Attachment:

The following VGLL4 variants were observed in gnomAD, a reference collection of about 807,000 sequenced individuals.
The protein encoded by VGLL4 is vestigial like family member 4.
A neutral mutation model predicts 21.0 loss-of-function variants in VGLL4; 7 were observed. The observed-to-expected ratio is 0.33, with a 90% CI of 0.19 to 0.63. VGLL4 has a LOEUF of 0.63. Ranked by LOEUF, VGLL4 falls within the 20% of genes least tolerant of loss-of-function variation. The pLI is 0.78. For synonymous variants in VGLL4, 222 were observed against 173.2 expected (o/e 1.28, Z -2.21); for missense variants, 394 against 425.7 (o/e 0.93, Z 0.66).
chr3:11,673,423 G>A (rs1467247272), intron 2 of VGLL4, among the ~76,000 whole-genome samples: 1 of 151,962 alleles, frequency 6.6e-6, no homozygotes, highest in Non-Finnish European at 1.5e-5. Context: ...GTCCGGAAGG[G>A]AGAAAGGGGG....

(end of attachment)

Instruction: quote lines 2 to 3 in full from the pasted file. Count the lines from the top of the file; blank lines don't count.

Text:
The protein encoded by VGLL4 is vestigial like family member 4.
A neutral mutation model predicts 21.0 loss-of-function variants in VGLL4; 7 were observed. The observed-to-expected ratio is 0.33, with a 90% CI of 0.19 to 0.63. VGLL4 has a LOEUF of 0.63. Ranked by LOEUF, VGLL4 falls within the 20% of genes least tolerant of loss-of-function variation. The pLI is 0.78. For synonymous variants in VGLL4, 222 were observed against 173.2 expected (o/e 1.28, Z -2.21); for missense variants, 394 against 425.7 (o/e 0.93, Z 0.66).